In preparation for our final move into a duplex for nine months – before we packed up everything to move to the middle of the prairies – we had a dilemma. We were a growing family, eight of us now, and student housing on campus was a four-bedroom trailer at best. It was clear that in order for us to prepare for this move we needed to get rid of a lot of our belongings. To help us with this transition we plotted out some space in our double garage, mimicking the floor space of a large moving van. Then as we were preparing to move from our home and into the duplex we began to stack our belongings into this floor space in order to help provide us with a visual on what we were going to keep and what we needed to get rid of.

The children often talk about this time in particular and never with kind words. It was apparent that this move was the hardest of them all. We all sacrificed something in order to make the move to the middle of the prairies. I don’t blame them for being bitter about this either. More than once I had wondered whether we made the right move. It is funny how life is that way, we are faced with decisions and in that moment – at least my experience of it – is that I don’t want to be the grown-up and make a decision. I want someone else to make the decision and I want it to be the right decision.

When we moved from the valley city to the middle of the prairies my oldest was entering those tween years – early adolescence where everything we say and do carries a profound and deep message around worth and value. It was exhausting to walk through, feeling like we owed them for wronging them the way we did in moving to the middle of the prairies. Such is parenthood I suppose. When you make the right decisions you are heroes and when you make the wrong decisions, well, you may have heard the phrase, “Hell hath no fury then a woman scorned”? – How about substituting in children.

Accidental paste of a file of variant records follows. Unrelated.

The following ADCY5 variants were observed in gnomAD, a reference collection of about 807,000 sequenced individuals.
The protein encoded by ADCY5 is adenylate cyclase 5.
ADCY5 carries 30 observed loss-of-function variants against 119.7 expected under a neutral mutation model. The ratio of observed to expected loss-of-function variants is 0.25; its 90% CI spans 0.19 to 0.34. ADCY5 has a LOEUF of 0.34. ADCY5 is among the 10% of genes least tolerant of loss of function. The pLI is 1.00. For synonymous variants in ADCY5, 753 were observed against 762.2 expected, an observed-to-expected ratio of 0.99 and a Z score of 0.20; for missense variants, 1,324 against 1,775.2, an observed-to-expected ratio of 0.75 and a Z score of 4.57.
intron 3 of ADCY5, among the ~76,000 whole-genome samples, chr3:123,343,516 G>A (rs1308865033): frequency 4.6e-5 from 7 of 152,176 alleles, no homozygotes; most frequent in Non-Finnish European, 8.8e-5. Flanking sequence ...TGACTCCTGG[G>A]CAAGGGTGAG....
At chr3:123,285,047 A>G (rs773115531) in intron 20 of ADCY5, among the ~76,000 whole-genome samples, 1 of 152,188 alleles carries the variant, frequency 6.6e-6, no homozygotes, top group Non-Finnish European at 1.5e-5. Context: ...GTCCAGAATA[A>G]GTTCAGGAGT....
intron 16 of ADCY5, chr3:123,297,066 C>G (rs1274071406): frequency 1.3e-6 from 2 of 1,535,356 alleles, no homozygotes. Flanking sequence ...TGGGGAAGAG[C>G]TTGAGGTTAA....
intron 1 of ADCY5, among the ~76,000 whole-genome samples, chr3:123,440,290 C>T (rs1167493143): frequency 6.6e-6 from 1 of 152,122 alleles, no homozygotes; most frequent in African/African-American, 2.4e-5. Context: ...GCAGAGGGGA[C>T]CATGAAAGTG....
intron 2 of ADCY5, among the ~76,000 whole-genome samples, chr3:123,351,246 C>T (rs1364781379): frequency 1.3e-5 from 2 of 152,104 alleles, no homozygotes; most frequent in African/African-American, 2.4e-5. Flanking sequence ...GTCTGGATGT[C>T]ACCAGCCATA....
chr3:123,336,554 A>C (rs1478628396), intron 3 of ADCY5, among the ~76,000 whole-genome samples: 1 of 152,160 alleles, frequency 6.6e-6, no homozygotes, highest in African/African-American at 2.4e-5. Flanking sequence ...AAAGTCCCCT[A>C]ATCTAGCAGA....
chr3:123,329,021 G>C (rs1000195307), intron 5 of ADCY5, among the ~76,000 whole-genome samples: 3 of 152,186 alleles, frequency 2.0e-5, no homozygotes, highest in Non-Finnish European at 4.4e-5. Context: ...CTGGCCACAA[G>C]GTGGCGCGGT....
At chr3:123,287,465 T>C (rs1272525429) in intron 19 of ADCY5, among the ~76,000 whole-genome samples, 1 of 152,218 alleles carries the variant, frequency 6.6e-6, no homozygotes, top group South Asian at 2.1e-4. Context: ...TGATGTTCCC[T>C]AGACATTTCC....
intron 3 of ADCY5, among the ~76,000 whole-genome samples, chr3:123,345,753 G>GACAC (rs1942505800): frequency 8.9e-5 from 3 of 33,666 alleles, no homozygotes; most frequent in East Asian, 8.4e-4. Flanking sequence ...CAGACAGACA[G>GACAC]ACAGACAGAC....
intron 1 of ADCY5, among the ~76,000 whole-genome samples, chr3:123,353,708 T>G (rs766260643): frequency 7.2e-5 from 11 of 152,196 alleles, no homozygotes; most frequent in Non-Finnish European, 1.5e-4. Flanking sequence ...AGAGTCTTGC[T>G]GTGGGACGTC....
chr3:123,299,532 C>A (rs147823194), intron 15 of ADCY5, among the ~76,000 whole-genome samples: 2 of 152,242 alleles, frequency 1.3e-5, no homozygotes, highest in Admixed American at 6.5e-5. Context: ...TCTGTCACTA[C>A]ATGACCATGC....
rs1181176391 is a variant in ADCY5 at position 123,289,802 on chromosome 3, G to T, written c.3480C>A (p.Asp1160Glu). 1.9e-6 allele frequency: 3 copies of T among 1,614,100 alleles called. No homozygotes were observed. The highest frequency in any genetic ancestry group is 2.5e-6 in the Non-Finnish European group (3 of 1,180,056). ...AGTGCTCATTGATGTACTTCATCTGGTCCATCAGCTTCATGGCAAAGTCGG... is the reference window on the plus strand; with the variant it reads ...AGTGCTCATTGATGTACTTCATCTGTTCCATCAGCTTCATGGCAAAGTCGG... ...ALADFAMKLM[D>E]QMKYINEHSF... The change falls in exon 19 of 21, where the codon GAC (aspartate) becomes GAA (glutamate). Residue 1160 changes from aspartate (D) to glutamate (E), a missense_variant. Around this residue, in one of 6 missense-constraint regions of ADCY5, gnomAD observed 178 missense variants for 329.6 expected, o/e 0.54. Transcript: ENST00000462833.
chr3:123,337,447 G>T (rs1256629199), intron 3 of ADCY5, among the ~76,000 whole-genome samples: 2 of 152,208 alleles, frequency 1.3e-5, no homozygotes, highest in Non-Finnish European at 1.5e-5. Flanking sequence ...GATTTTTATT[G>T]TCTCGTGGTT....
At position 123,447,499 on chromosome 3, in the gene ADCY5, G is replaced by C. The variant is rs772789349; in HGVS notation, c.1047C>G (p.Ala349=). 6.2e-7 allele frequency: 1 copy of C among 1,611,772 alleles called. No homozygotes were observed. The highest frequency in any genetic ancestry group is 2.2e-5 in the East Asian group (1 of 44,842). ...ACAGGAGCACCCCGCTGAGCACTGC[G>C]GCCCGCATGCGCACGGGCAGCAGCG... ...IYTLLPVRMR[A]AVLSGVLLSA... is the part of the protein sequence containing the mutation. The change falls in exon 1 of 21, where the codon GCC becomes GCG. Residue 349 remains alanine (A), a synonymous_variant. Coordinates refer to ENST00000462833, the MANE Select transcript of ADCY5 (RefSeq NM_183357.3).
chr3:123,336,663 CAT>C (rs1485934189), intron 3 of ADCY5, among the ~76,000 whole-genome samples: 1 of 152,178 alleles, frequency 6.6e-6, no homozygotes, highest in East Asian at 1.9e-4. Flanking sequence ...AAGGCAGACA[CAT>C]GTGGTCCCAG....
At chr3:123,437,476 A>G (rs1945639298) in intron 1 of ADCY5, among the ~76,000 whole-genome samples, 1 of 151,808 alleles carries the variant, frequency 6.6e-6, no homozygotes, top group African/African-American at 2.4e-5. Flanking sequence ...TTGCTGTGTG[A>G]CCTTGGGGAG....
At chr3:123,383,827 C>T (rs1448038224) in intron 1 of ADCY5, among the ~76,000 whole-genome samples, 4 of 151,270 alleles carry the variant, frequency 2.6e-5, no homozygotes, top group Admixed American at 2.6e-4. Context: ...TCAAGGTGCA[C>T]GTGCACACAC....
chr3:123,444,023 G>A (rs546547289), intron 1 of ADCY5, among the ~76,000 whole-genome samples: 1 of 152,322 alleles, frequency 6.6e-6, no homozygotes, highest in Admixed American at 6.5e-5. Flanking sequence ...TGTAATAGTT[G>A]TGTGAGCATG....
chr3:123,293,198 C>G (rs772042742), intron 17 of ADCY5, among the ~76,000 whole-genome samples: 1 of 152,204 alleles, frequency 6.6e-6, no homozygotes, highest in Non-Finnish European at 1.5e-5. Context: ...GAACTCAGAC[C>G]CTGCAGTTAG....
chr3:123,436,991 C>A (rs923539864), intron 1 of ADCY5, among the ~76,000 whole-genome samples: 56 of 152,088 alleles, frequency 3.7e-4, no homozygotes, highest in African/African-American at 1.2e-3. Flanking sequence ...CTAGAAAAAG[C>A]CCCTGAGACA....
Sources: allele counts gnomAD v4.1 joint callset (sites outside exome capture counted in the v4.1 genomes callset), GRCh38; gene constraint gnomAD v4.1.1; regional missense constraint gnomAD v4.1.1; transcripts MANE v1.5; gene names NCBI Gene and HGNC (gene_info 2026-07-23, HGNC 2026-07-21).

Oh, it wasn’t all bad in that sense. They adjusted, eventually. They had to as life continued to race by all around them. And, for the most part, I am left with the understanding that all is forgiven and all is forgotten and that they are all well-adjusted now. But, every once in a while one of them will say something in a sideways comment or a brief reflection and what they say cuts so deeply I am taken aback. In those moments I am left to conclude that perhaps they did not adjust well at all.

It was hard back then. Even for me. Standing in our garage, staring at our life stacked up before us. Looking at a box of books or a piece of furniture that is falling outside of the lines drawn on the concrete floor. Moving the box outside of that line and staring at it. Alone, apart from the rest. It was as if the box itself personified sadness and loss. I must make the hard decision to let this box go. To cut off another piece of me. To discard a valuable chunk of memories. It was a journey of morality, standing in that garage, having to make those decisions. It wasn’t all on my shoulders as my wife stood by my side, lamenting and fretting as well over what was going to stay and what was going to go. Even our children were into it from time to time – that is until the decisions became tougher and tougher and the sacrifices all too real.